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The answer to that is no… but they could.
Uber’s Head of Economic Research, Keith Chen, has revealed that the company’s app can detect when it’s preparing to go into power saving mode. This happens when a phone’s battery is running low, to conserve power. However, Uber don’t use this to set pricing – just yet.
Chen said that user behaviour studies show that Uber users are more willing to accept a ‘surge price’ up to 9.9 times the normal rate if their app is about to enter power-saving mode – indicating that they’re rushing to book a ride before the battery dies. “One of the strongest predictors of whether or not you’re going to be sensitive to surge is how much battery you have left on your cellphone. We absolutely don’t use that to push you a higher surge price, but it’s an interesting psychological fact of human behaviour” he said.
Uber’s surge pricing is often a point of contention for customers, but is what the company calls ‘a really integral part of our success’. During busy and peak periods, surge pricing sees the prices increase alongside demand. However, it can work out negatively for the business too – as they faced criticism over rising prices during a terrorist hostage crisis in Sydney, Australia.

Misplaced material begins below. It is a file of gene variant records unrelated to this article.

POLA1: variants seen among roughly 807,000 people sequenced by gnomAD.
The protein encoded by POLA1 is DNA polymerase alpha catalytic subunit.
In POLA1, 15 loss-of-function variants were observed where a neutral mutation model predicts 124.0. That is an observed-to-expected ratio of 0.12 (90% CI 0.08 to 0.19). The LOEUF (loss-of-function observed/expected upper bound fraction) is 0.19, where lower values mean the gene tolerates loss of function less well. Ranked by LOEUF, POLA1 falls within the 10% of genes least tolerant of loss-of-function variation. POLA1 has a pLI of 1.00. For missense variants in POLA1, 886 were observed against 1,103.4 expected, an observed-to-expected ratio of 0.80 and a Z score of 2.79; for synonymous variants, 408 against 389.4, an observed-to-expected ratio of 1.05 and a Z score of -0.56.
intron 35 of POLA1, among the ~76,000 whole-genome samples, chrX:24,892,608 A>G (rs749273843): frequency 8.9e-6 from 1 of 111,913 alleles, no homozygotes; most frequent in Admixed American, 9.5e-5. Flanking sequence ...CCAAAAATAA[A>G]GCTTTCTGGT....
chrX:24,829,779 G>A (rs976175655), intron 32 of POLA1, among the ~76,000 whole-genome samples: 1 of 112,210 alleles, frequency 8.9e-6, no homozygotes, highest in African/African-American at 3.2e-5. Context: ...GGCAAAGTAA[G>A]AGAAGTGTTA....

When Uber first introduces surge pricing to a city, even a small jump in price to 1.2 times the normal rate is enough to discourage 27pc of potential customers from booking. However, cities with more established Uber services see a smaller 7pc reduction when this price rise kicks in, showing customers get used to the idea, Chen said.
Interestingly, the other psychological note that Mr Chen made from Uber’s studies was that passengers are more likely to buy a ride when the price is 2.1x the normal rate, as opposed to 2.0x – which resonates as ‘twice as expensive’.
Did you know that Uber could track your phone’s battery rate – and how do you feel about it? Would you pay more if your phone was about to run out of power? Let us know at @Liftshare!
Author Lex Barber
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